Morning Report: Oil market jitters and the Fed.

Vital Statistics:

 

Last Change
S&P futures 3000.5 -9.25
Oil (WTI) 60.57 5.44
10 year government bond yield 1.85%
30 year fixed rate mortgage 3.98%

 

Stocks are lower this morning after an attack on a Saudi Aramco oil facility sent oil prices up nearly 20%. Bonds and MBS are up.

 

A Saudi Aramco facility that represents about 5% of global oil output was attacked, which caused the biggest spike in oil prices since the 1991 Gulf War. Saudi Aramco estimates that it will take months to bring that capacity back on line. A Yemeni movement aligned with Iran is claiming responsibility for the attack. President Trump has announced that the US Strategic Petroleum Reserve could be used to mitigate the effect on oil prices, and the US stands “locked and loaded” to prevent future attacks. While Iran has denied responsibility, cruise missiles may have been involved in the attack, which means Iranian technology. Iran and Saudi Arabia have been enemies for years and have been fighting a war by proxy.

 

A spike in oil prices has the potential to be inflationary, however it would more likely depress growth since it would act as a tax. This will probably push the Fed to cut rates as opposed to raise them to fight potential inflation. US consumers will be somewhat insulated, since most of the country gets its supply from US West Texas Intermediate which is a US-only market. Consumers on the East Coast will feel an effect since they get their oil from the North Sea Brent market, and many in the Northeast rely on heating oil. Front month heating oil contracts are up 8% pre-open.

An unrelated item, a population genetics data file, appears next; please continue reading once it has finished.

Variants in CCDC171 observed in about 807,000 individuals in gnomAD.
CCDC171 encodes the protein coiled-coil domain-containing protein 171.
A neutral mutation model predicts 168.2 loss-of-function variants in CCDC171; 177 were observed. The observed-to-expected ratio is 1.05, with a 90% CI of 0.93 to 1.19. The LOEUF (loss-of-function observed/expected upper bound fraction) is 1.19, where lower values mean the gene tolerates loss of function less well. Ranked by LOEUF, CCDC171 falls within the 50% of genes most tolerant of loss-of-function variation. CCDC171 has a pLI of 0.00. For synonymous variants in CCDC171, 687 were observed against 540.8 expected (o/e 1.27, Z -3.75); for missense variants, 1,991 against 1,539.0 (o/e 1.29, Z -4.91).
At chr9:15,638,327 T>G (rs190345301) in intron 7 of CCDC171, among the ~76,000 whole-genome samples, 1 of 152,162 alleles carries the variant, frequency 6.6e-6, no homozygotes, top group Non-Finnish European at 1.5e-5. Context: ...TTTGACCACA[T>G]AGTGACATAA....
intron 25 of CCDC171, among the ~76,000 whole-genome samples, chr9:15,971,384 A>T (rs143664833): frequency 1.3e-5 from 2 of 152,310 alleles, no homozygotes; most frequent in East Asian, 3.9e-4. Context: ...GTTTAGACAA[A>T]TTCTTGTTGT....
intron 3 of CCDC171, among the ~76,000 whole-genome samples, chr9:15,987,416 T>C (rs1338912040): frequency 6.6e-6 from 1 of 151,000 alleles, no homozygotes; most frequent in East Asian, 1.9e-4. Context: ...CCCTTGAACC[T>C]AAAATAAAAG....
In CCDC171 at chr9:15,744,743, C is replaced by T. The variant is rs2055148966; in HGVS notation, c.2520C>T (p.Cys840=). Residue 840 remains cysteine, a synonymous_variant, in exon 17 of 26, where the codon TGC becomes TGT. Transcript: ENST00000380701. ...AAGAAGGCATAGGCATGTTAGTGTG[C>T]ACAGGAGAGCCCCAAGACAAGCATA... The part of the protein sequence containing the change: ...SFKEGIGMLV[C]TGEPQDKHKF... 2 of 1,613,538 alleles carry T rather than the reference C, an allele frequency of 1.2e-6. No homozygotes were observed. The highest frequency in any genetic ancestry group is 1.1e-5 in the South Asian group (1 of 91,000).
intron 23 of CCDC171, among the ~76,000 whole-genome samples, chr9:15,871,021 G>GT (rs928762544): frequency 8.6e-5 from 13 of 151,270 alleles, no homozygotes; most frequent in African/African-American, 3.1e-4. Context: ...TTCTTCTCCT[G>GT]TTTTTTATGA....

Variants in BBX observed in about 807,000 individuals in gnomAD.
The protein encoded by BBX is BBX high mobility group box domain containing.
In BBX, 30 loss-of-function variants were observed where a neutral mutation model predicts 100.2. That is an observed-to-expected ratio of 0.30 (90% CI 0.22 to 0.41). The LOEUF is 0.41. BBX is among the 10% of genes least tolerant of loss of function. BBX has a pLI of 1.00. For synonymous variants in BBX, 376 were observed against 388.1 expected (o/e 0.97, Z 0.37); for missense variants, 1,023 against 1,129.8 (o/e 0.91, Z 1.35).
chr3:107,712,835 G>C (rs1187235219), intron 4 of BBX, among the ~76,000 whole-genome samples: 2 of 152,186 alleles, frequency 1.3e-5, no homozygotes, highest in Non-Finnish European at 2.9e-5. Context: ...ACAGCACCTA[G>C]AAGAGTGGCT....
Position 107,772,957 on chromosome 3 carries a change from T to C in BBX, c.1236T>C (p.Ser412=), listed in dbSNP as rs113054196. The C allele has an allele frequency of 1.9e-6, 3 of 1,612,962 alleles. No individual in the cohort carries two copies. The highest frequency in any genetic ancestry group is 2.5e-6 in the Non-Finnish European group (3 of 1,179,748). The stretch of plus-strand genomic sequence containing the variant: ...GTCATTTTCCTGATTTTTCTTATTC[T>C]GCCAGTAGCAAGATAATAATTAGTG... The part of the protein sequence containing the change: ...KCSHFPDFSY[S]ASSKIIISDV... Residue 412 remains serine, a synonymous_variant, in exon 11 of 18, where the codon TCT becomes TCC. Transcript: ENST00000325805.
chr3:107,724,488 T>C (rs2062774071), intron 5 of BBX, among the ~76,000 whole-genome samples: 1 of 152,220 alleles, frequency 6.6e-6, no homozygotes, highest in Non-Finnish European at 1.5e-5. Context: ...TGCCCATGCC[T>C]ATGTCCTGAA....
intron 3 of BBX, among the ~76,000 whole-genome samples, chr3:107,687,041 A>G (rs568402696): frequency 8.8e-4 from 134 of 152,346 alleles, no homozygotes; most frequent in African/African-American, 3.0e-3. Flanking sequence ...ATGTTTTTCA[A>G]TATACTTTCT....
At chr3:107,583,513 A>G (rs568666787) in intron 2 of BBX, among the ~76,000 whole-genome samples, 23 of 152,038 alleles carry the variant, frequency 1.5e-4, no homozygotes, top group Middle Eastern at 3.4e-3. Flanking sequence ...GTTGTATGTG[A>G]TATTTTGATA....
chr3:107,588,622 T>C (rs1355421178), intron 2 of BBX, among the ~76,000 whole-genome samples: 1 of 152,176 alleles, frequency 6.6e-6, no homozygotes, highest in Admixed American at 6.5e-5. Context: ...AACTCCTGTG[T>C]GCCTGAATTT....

Aside from the issues in the energy space, the big even this week is the FOMC meeting on Tuesday and Wednesday. The Sep fed funds futures have made quite the reversal over the past month, going from a 100% chance of a rate cut (the only uncertainty was over whether it would be 25 or 50 basis points) to a roughly 25% chance they do nothing and a 75% chance they cut by 25 basis points.

 

fed funds futures

 

The action in the Fed announcement Wednesday will undoubtedly be in the dot plot (which is the Fed Funds forecast) and the GDP forecast. A potential war in the Middle East has got to affect the numbers, and it will be interesting to see whether they bump up the inflation numbers and / or take down the GDP estimates. Regardless, political uncertainty tends to be negative for business, so I would expect to see more dovishness in the Fed Funds futures.